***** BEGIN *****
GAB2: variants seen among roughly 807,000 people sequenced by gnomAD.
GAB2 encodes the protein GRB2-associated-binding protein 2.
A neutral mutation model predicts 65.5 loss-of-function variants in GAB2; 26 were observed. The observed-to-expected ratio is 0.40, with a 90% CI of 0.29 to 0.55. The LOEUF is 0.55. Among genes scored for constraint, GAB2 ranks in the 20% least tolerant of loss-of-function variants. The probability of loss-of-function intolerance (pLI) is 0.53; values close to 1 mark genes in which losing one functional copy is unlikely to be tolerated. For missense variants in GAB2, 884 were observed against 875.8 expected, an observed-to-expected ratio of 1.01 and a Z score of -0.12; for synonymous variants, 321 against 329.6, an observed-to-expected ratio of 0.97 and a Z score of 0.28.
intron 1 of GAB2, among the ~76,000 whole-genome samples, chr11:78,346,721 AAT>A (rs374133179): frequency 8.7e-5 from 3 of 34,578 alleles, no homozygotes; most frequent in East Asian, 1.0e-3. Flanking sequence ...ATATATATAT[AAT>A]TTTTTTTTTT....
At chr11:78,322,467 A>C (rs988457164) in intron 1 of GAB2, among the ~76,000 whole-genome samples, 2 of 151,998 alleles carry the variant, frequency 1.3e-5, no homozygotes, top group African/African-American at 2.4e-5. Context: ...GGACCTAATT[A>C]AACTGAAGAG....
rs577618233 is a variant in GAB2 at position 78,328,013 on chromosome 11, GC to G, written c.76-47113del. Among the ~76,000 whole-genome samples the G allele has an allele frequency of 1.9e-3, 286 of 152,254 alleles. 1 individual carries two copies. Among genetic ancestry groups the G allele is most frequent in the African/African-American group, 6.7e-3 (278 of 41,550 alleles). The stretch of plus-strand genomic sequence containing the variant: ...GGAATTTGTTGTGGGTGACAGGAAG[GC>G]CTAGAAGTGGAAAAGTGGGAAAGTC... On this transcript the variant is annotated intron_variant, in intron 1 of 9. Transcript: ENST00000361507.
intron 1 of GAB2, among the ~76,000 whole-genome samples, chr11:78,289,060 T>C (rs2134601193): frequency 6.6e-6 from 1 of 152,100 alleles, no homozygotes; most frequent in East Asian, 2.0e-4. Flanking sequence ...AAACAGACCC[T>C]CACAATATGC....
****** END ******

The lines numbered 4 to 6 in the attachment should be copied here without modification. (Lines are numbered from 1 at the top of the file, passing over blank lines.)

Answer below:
intron 1 of GAB2, among the ~76,000 whole-genome samples, chr11:78,346,721 AAT>A (rs374133179): frequency 8.7e-5 from 3 of 34,578 alleles, no homozygotes; most frequent in East Asian, 1.0e-3. Flanking sequence ...ATATATATAT[AAT>A]TTTTTTTTTT....
At chr11:78,322,467 A>C (rs988457164) in intron 1 of GAB2, among the ~76,000 whole-genome samples, 2 of 151,998 alleles carry the variant, frequency 1.3e-5, no homozygotes, top group African/African-American at 2.4e-5. Context: ...GGACCTAATT[A>C]AACTGAAGAG....
rs577618233 is a variant in GAB2 at position 78,328,013 on chromosome 11, GC to G, written c.76-47113del. Among the ~76,000 whole-genome samples the G allele has an allele frequency of 1.9e-3, 286 of 152,254 alleles. 1 individual carries two copies. Among genetic ancestry groups the G allele is most frequent in the African/African-American group, 6.7e-3 (278 of 41,550 alleles). The stretch of plus-strand genomic sequence containing the variant: ...GGAATTTGTTGTGGGTGACAGGAAG[GC>G]CTAGAAGTGGAAAAGTGGGAAAGTC... On this transcript the variant is annotated intron_variant, in intron 1 of 9. Transcript: ENST00000361507.